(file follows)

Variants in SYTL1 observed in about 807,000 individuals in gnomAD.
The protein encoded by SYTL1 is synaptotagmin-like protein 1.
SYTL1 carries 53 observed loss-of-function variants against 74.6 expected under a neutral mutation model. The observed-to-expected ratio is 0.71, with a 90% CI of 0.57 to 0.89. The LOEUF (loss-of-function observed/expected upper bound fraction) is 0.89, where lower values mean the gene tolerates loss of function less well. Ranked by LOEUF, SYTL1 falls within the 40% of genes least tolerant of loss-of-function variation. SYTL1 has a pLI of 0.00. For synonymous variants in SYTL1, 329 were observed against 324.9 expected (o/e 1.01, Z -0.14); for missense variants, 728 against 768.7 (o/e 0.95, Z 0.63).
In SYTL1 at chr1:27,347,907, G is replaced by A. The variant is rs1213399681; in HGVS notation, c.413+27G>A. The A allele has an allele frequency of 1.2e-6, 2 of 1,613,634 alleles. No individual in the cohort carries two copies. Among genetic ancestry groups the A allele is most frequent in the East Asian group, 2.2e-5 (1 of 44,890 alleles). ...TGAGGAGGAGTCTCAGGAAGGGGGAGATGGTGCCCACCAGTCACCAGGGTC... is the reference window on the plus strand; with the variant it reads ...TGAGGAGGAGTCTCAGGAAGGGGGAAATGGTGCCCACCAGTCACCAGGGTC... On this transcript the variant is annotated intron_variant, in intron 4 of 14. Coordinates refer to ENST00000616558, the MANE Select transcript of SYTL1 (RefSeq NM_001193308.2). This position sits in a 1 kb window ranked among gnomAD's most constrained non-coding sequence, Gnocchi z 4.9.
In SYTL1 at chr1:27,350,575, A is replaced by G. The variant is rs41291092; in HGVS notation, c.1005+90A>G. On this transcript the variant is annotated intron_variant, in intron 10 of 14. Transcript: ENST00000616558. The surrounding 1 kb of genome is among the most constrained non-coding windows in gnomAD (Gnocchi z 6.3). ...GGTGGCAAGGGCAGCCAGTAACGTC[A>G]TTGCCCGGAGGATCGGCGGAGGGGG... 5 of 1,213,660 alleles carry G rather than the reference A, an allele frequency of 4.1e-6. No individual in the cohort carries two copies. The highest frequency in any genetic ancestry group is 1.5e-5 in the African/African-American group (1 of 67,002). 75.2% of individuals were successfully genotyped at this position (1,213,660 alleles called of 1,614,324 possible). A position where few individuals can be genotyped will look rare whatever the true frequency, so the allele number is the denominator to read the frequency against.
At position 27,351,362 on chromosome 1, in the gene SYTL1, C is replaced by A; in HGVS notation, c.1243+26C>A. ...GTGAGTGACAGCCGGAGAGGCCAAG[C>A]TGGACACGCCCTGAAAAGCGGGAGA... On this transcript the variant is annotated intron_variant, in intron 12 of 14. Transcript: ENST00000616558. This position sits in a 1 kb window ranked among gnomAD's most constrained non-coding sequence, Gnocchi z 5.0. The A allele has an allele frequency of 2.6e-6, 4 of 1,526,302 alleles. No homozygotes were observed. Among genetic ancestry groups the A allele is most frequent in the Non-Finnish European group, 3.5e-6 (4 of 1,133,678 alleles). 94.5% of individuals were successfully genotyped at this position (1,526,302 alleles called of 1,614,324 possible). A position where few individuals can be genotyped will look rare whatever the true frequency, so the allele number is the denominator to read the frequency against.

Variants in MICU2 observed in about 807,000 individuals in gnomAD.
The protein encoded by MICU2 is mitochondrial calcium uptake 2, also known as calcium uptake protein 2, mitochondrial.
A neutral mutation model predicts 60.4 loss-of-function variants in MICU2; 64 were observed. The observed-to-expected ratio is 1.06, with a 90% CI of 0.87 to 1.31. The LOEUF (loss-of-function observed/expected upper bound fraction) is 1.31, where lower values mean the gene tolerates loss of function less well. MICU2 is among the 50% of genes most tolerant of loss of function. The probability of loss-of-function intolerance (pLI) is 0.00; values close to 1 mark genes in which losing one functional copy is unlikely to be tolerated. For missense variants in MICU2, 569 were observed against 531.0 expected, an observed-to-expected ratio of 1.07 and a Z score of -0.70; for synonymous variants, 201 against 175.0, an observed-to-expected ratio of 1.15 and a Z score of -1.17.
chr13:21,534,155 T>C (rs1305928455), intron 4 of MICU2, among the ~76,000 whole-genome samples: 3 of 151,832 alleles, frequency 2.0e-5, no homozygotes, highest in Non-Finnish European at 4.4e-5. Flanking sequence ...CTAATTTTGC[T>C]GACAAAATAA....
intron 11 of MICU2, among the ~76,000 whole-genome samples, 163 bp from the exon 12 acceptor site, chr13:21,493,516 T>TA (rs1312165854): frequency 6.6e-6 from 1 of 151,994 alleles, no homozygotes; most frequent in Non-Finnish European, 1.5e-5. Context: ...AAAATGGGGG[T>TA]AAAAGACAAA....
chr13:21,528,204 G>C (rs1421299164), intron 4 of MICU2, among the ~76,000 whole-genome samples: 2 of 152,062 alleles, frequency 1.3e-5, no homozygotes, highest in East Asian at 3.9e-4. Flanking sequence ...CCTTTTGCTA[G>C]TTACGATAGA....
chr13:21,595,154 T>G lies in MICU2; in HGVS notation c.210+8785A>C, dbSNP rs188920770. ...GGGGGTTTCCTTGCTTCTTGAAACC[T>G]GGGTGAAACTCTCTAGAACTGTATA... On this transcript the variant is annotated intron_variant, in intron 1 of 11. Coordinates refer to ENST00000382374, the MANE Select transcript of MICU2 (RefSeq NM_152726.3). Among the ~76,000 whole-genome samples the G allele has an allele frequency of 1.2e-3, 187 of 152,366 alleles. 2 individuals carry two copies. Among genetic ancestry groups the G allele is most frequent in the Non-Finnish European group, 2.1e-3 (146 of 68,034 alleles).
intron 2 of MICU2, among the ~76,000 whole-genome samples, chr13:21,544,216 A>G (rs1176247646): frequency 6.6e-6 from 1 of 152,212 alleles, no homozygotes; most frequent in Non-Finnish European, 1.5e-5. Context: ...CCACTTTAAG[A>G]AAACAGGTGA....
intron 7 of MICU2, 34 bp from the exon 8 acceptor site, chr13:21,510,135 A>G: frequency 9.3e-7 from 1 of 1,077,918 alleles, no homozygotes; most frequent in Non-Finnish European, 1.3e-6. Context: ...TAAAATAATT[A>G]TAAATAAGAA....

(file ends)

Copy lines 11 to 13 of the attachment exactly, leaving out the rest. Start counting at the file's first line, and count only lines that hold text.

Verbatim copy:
intron 11 of MICU2, among the ~76,000 whole-genome samples, 163 bp from the exon 12 acceptor site, chr13:21,493,516 T>TA (rs1312165854): frequency 6.6e-6 from 1 of 151,994 alleles, no homozygotes; most frequent in Non-Finnish European, 1.5e-5. Context: ...AAAATGGGGG[T>TA]AAAAGACAAA....
chr13:21,528,204 G>C (rs1421299164), intron 4 of MICU2, among the ~76,000 whole-genome samples: 2 of 152,062 alleles, frequency 1.3e-5, no homozygotes, highest in East Asian at 3.9e-4. Flanking sequence ...CCTTTTGCTA[G>C]TTACGATAGA....
chr13:21,595,154 T>G lies in MICU2; in HGVS notation c.210+8785A>C, dbSNP rs188920770. ...GGGGGTTTCCTTGCTTCTTGAAACC[T>G]GGGTGAAACTCTCTAGAACTGTATA... On this transcript the variant is annotated intron_variant, in intron 1 of 11. Coordinates refer to ENST00000382374, the MANE Select transcript of MICU2 (RefSeq NM_152726.3). Among the ~76,000 whole-genome samples the G allele has an allele frequency of 1.2e-3, 187 of 152,366 alleles. 2 individuals carry two copies. Among genetic ancestry groups the G allele is most frequent in the Non-Finnish European group, 2.1e-3 (146 of 68,034 alleles).